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Music industry to launch massive wave of lawsuits

Written by Petteri Pyyny (Google+) @ 15 Nov 2005 2:29 User comments (31)

Music industry to launch massive wave of lawsuits Music industry's global lobby organization IFPI ("the mother of all RIAAs..") announced today that they are preparing to launch a massive lawsuit wave against P2P users in Europe, Asia and South America. South America is being targeted for the first time in record labels' jihad that has lasted for years now.
According to IFPI, file-sharers in Sweden, Argentina, Hong Kong, Singapore and Switzerland are among those being sued. The total number of lawsuits set to be launched this time is more than 2,100.

IFPI said that the legal actions have been targeted so far mostly towards young men between 20 and 30 years of age. The latest wave of lawsuits brings the total number of P2P users sued outside United States to 3,800 and includes P2P users in 16 countries.

Legal actions against P2P users today include 15 cases in Sweden, 22 in Hong Kong, 33 in Singapore and 10 in Argentina.

Source: Reuters via Yahoo!

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31 user comments

115.11.2005 6:16

god piz would UN or some world organization make a law that limit's an/a organization or corporation's lawsuit to a limit. this is getting out of hand.

215.11.2005 8:02

The RIAA (& IFPI) mantra. It's not working. Try it again. It's not working. Try it again. It's not working. Try it again. It's not working. Try it again.

315.11.2005 11:30

Looks like they want to turn away their customers in Europe, Asia and South America, too. Before the recording industry started these lawsuits, I would actually pay to buy a CD. I knew it was horribly over-priced, and I knew the artist only got a very small percentage of the money, but I didn't really mind that much, since it was what I had to do to support the artist. Now, I refuse to buy any music that the RIAA labels get a cut from. There are lots of other people out there who feel the same way I do, and IMO, the recording industry's lawsuits have done way more damage to artists than copyright infringement ever could. The labels that sue won't get a penny of mine until the lawsuits stop (and at their current rate, they'll go out of business before they get any of my money).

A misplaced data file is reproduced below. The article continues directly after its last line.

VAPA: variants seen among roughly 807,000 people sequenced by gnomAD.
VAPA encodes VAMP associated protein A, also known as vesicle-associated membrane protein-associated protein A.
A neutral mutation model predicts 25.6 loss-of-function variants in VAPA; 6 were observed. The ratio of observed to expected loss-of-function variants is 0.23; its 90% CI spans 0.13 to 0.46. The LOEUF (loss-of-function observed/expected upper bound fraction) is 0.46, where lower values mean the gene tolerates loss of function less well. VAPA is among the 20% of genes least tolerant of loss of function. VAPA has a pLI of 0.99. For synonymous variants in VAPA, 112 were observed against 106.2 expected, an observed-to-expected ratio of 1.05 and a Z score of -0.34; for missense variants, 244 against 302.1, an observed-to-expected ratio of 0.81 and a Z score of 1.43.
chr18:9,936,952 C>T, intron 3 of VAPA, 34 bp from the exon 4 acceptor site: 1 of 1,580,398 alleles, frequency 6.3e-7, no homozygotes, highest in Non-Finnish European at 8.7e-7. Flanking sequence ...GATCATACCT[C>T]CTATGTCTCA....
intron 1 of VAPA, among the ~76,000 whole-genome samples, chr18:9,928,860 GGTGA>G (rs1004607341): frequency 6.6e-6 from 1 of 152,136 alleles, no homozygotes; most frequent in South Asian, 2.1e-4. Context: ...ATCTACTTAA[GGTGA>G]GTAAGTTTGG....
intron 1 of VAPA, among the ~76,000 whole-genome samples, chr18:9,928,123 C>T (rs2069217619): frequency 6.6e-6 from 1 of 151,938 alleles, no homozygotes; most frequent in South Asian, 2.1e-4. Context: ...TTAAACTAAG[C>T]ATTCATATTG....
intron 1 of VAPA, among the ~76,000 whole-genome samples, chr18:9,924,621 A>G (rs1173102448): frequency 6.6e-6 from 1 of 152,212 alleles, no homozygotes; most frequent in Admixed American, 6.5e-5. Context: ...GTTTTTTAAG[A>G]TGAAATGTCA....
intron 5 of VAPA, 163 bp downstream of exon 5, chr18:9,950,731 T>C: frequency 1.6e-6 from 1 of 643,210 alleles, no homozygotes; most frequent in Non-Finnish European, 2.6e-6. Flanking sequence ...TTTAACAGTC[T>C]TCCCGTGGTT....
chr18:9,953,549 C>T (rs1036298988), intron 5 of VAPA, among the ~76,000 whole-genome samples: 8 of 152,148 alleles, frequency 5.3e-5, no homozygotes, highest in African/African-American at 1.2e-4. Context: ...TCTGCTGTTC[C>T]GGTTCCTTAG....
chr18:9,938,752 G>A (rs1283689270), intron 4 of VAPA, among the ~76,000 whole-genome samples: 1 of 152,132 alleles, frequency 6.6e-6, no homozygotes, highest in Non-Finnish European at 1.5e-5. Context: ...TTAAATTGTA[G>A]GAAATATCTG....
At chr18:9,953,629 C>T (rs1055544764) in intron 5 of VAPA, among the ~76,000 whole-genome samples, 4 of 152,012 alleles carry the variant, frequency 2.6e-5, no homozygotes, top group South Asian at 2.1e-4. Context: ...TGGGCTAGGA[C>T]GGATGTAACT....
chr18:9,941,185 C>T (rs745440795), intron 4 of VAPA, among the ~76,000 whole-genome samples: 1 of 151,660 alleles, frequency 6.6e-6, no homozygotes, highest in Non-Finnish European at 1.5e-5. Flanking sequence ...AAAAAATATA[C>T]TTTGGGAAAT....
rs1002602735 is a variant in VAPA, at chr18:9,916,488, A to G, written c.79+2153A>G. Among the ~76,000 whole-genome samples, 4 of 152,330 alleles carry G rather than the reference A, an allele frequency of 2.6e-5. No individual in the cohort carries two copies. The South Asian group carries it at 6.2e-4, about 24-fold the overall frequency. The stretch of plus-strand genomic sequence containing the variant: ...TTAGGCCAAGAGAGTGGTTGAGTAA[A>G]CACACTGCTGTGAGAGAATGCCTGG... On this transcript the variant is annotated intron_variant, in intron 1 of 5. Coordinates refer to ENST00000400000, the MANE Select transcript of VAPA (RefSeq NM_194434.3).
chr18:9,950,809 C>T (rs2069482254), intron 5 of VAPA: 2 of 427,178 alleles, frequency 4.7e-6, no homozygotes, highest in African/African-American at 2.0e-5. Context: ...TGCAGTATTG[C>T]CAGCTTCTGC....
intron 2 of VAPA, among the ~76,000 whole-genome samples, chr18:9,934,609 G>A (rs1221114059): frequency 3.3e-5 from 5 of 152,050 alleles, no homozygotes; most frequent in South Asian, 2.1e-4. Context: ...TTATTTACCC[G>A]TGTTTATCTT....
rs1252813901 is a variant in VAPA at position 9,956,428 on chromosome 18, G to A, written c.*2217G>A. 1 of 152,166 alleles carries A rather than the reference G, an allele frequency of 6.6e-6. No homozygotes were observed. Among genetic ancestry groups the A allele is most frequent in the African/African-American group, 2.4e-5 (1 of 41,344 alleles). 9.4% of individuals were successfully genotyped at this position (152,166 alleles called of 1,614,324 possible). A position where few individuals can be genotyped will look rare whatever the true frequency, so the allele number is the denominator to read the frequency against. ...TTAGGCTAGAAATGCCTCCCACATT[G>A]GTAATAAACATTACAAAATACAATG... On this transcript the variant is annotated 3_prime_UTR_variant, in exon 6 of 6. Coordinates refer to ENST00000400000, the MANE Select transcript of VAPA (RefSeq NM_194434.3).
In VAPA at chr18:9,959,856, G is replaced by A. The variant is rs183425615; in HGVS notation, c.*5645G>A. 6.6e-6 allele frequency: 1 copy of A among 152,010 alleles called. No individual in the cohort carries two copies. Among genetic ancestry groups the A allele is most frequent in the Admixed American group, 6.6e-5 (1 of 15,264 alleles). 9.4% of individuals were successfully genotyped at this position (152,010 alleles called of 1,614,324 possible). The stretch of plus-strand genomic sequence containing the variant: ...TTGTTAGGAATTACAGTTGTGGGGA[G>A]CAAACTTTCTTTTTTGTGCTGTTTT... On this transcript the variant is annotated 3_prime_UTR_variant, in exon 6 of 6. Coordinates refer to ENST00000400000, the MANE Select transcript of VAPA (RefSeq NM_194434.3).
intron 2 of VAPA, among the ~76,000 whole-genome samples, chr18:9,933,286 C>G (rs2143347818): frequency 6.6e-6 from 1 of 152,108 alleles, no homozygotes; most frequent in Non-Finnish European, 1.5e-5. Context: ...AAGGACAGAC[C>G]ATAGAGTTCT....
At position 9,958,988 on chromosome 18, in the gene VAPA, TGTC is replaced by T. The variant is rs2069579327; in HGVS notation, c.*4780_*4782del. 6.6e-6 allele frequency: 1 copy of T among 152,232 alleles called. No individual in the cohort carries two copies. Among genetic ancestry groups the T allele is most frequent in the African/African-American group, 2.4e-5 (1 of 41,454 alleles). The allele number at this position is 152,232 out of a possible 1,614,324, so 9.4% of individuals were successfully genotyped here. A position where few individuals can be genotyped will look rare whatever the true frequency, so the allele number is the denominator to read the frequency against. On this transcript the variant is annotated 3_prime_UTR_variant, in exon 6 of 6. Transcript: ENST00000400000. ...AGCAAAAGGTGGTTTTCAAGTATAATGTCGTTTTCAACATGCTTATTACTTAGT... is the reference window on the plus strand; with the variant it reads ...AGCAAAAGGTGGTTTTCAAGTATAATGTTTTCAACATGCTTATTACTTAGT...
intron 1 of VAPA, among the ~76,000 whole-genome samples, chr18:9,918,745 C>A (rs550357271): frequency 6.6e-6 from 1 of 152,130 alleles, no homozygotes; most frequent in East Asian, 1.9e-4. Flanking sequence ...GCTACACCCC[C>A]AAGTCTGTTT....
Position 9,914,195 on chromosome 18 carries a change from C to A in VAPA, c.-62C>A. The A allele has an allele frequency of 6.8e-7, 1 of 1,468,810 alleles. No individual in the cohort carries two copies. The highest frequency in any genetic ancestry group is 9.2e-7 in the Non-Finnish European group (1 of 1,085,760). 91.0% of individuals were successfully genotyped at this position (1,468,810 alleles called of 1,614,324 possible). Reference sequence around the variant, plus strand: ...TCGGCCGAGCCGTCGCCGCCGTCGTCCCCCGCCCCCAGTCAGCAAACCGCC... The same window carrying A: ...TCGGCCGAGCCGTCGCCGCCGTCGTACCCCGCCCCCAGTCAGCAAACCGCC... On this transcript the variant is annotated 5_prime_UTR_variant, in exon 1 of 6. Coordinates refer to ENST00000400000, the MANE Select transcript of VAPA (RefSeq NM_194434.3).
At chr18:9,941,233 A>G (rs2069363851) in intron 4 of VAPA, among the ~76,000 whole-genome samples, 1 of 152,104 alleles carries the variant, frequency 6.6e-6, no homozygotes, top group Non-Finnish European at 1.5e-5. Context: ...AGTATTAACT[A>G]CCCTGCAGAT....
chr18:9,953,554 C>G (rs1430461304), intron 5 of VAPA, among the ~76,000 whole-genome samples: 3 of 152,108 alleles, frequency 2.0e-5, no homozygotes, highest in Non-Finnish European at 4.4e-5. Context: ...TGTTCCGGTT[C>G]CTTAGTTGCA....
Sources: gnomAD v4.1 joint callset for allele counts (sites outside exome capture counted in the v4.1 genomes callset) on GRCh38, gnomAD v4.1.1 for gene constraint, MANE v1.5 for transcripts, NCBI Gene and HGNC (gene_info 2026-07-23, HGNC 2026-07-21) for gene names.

416.11.2005 1:05

I haven't bought a CD in probably... 4yrs and I don't download any either. I get all my music from the radio. Should I be handcuffed or fined?

516.11.2005 3:03

both

616.11.2005 6:30

Quote:
IFPI ("the mother of all RIAAs..")
If that's the case then they are one big mother allright!

716.11.2005 12:01
duckNrun
Inactive

I for one am ecstatic over these new lawsuits! The more people they can piss off in more countries means more hatred and loathing for them world wide. Yes, I know for whom the bell tolls (and sorry Metallica... I'm not stealing your title from a song, a title that you stole from somewhere else first lmao btw... fcuking sellouts!)

816.11.2005 12:47

Quote:
I for one am ecstatic over these new lawsuits!
I'm glad you didn't say that you wax ecstatic duckNrun, or you would have had to apologize to Sponge along with Metallica. :) http://music.yahoo.com/release/61383

917.11.2005 0:09

"the record labelsl jihad" HAHAHA

1017.11.2005 12:41

wont it be funny if all did so they be right an we be right how so well we would all use P2P and do what there saying where doing and second we all get sued haha can you see that then they be happy more like happy poor cuz there wouldn't be a customer left at all no customers no artist no music = No RIAA F the corp. world greedy lil mofo's

1118.11.2005 7:20
cqtoy
Inactive

You said it GREED. What about people that bought records and cassettes? Do they expect you to buy the same music in every new format that comes out?

1218.11.2005 7:30
duckNrun
Inactive

yes they do. And even more than that.... If you want to listen to your music at home and work you should buy 2 cd's...one for home and one for work! And another for the mp3 player where you plan to stick most of your music as well! They now realize that they really dont like the idea of portable music and Sony (while enjoying the money they made off the Walkman) probably somewhat wish they didn't create it (though they still would like to keep the money from it!)

1318.11.2005 8:26

After reading your article, looks like a discrimination lawsuit in in order against the IFPI. can you tell me why they are only sueing young men. Why no older men or women or for that matter teenagers sounds very gender orientated to me. The people who receive these lawsuits should tell the IPFI to get stuffed. I hope these peoples lawyers have a field day with these greedy idiots.

1418.11.2005 12:06

It's funny. Since all this RIAA/MPAA lawsuit frenzy started I have re-discovered my passion for reading and classical music...

1518.11.2005 15:58

Why don't they just sue the whole ***king world and get it over with! ***HOLES

This message has been edited since its posting. Latest edit was made on 18 Nov 2005 @ 23:29

1618.11.2005 18:18

The sad truth seems to be a little more evident every day. Especially since most, if not all of the cases against Joe Average have been won without a trial, by the Music Mob. There's no way anyone can afford to risk losing the obscene amount of money that the IFPI and their ilk will surely be rewarded as whatever rights we have left, consumer or otherwise, as world citizens are seemingly for sale to the highest bidder. Yes this sends a not so happy message to the kids of today. It really doesn't matter how you play the game, as long as your golf partner is the Mayor. Rich Uncle Pennybags has beaten us again. "Haven't you learned your lesson yet?" he asks. Then, with a broad beaming smile, he serves you an enormous excrement enchilada.

1718.11.2005 18:37